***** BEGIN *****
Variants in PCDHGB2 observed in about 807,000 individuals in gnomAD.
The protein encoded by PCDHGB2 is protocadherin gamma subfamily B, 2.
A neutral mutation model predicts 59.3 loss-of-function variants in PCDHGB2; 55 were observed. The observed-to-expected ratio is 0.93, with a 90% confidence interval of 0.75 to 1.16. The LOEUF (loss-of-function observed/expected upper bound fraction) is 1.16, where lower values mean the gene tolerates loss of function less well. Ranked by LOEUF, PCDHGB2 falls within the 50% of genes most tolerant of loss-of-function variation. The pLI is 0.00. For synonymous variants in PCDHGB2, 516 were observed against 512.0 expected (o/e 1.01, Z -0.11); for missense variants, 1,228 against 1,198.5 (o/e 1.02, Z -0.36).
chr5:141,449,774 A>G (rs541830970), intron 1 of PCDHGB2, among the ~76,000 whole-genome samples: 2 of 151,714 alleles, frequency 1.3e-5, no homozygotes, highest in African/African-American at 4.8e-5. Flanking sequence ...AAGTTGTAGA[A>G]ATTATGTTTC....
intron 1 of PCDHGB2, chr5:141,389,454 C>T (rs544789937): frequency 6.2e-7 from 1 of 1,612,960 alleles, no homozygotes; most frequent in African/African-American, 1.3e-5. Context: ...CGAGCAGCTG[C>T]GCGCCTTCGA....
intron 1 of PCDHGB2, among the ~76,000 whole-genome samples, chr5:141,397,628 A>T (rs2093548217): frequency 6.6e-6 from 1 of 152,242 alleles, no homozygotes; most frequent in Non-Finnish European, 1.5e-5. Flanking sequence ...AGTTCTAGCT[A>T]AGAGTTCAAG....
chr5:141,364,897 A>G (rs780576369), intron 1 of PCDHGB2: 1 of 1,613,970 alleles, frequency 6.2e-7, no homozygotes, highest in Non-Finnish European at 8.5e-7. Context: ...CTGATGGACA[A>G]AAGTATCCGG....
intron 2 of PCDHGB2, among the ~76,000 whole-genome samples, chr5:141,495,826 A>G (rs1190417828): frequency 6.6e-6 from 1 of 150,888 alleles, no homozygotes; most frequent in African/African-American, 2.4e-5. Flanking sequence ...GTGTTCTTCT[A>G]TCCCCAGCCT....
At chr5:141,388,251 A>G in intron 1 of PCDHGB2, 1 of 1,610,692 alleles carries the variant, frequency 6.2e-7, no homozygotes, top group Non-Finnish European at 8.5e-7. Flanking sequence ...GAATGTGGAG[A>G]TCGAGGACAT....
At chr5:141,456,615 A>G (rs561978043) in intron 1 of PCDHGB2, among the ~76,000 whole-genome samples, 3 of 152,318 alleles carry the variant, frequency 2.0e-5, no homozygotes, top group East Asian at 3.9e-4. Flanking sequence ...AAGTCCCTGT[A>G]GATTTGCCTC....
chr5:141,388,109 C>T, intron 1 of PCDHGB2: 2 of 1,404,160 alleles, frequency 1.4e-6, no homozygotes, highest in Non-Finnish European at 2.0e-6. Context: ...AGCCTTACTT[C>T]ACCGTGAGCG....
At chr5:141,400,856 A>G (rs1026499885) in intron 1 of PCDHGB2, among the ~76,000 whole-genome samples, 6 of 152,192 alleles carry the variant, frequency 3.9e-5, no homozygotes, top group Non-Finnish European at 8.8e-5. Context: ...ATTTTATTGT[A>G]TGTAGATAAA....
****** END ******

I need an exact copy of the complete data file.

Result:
Variants in PCDHGB2 observed in about 807,000 individuals in gnomAD.
The protein encoded by PCDHGB2 is protocadherin gamma subfamily B, 2.
A neutral mutation model predicts 59.3 loss-of-function variants in PCDHGB2; 55 were observed. The observed-to-expected ratio is 0.93, with a 90% confidence interval of 0.75 to 1.16. The LOEUF (loss-of-function observed/expected upper bound fraction) is 1.16, where lower values mean the gene tolerates loss of function less well. Ranked by LOEUF, PCDHGB2 falls within the 50% of genes most tolerant of loss-of-function variation. The pLI is 0.00. For synonymous variants in PCDHGB2, 516 were observed against 512.0 expected (o/e 1.01, Z -0.11); for missense variants, 1,228 against 1,198.5 (o/e 1.02, Z -0.36).
chr5:141,449,774 A>G (rs541830970), intron 1 of PCDHGB2, among the ~76,000 whole-genome samples: 2 of 151,714 alleles, frequency 1.3e-5, no homozygotes, highest in African/African-American at 4.8e-5. Flanking sequence ...AAGTTGTAGA[A>G]ATTATGTTTC....
intron 1 of PCDHGB2, chr5:141,389,454 C>T (rs544789937): frequency 6.2e-7 from 1 of 1,612,960 alleles, no homozygotes; most frequent in African/African-American, 1.3e-5. Context: ...CGAGCAGCTG[C>T]GCGCCTTCGA....
intron 1 of PCDHGB2, among the ~76,000 whole-genome samples, chr5:141,397,628 A>T (rs2093548217): frequency 6.6e-6 from 1 of 152,242 alleles, no homozygotes; most frequent in Non-Finnish European, 1.5e-5. Flanking sequence ...AGTTCTAGCT[A>T]AGAGTTCAAG....
chr5:141,364,897 A>G (rs780576369), intron 1 of PCDHGB2: 1 of 1,613,970 alleles, frequency 6.2e-7, no homozygotes, highest in Non-Finnish European at 8.5e-7. Context: ...CTGATGGACA[A>G]AAGTATCCGG....
intron 2 of PCDHGB2, among the ~76,000 whole-genome samples, chr5:141,495,826 A>G (rs1190417828): frequency 6.6e-6 from 1 of 150,888 alleles, no homozygotes; most frequent in African/African-American, 2.4e-5. Flanking sequence ...GTGTTCTTCT[A>G]TCCCCAGCCT....
At chr5:141,388,251 A>G in intron 1 of PCDHGB2, 1 of 1,610,692 alleles carries the variant, frequency 6.2e-7, no homozygotes, top group Non-Finnish European at 8.5e-7. Flanking sequence ...GAATGTGGAG[A>G]TCGAGGACAT....
At chr5:141,456,615 A>G (rs561978043) in intron 1 of PCDHGB2, among the ~76,000 whole-genome samples, 3 of 152,318 alleles carry the variant, frequency 2.0e-5, no homozygotes, top group East Asian at 3.9e-4. Flanking sequence ...AAGTCCCTGT[A>G]GATTTGCCTC....
chr5:141,388,109 C>T, intron 1 of PCDHGB2: 2 of 1,404,160 alleles, frequency 1.4e-6, no homozygotes, highest in Non-Finnish European at 2.0e-6. Context: ...AGCCTTACTT[C>T]ACCGTGAGCG....
At chr5:141,400,856 A>G (rs1026499885) in intron 1 of PCDHGB2, among the ~76,000 whole-genome samples, 6 of 152,192 alleles carry the variant, frequency 3.9e-5, no homozygotes, top group Non-Finnish European at 8.8e-5. Context: ...ATTTTATTGT[A>G]TGTAGATAAA....